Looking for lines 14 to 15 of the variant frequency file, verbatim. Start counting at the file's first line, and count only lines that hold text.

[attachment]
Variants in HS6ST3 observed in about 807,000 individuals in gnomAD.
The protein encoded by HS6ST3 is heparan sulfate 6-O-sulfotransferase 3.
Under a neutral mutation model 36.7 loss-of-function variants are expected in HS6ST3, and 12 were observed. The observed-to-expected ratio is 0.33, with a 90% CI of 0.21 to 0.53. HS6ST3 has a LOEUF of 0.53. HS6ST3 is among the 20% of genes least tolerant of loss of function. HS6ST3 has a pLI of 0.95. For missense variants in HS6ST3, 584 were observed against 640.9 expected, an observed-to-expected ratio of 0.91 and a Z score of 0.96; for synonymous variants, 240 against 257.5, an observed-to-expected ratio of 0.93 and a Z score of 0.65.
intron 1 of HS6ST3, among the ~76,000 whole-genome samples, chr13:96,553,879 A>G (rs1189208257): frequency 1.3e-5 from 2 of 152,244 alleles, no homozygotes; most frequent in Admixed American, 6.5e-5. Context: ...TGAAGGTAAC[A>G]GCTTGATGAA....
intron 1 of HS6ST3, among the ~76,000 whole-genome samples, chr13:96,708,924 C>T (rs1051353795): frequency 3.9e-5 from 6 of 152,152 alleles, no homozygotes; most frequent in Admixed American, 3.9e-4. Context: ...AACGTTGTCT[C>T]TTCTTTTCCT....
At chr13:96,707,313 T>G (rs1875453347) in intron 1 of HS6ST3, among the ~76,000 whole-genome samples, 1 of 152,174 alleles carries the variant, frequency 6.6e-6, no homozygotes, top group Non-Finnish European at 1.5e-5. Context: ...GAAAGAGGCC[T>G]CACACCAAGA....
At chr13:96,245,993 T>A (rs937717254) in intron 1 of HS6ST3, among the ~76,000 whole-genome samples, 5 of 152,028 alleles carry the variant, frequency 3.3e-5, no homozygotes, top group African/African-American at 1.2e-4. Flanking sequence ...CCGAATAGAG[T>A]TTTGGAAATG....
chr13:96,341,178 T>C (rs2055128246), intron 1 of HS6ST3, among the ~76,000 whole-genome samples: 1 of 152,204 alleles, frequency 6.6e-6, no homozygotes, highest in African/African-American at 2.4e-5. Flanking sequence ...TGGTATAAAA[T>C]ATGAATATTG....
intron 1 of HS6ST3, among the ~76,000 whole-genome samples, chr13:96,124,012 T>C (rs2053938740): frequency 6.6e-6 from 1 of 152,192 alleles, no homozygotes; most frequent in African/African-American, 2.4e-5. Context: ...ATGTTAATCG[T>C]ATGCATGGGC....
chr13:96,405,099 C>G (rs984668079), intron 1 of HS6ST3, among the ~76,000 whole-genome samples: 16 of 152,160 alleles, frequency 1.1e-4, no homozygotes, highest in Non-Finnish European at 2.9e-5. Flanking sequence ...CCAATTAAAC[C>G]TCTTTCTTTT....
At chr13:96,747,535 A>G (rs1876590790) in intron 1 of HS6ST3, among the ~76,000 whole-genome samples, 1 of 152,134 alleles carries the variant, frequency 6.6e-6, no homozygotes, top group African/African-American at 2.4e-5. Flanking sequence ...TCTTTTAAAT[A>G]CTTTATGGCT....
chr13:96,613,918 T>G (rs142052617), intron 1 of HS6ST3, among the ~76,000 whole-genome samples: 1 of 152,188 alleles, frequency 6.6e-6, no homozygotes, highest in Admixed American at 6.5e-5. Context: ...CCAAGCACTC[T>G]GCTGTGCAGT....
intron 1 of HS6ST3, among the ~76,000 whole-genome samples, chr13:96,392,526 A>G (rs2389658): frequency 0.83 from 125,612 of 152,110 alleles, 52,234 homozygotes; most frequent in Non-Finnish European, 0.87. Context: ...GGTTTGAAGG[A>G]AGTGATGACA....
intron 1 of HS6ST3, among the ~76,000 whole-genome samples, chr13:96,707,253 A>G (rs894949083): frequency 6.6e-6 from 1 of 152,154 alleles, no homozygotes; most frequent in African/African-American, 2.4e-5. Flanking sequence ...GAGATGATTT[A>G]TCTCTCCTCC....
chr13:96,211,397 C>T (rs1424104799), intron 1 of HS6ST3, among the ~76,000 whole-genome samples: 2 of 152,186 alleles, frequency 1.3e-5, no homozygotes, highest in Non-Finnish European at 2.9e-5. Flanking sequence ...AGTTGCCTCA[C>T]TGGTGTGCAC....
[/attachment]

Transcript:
intron 1 of HS6ST3, among the ~76,000 whole-genome samples, chr13:96,707,253 A>G (rs894949083): frequency 6.6e-6 from 1 of 152,154 alleles, no homozygotes; most frequent in African/African-American, 2.4e-5. Flanking sequence ...GAGATGATTT[A>G]TCTCTCCTCC....
chr13:96,211,397 C>T (rs1424104799), intron 1 of HS6ST3, among the ~76,000 whole-genome samples: 2 of 152,186 alleles, frequency 1.3e-5, no homozygotes, highest in Non-Finnish European at 2.9e-5. Flanking sequence ...AGTTGCCTCA[C>T]TGGTGTGCAC....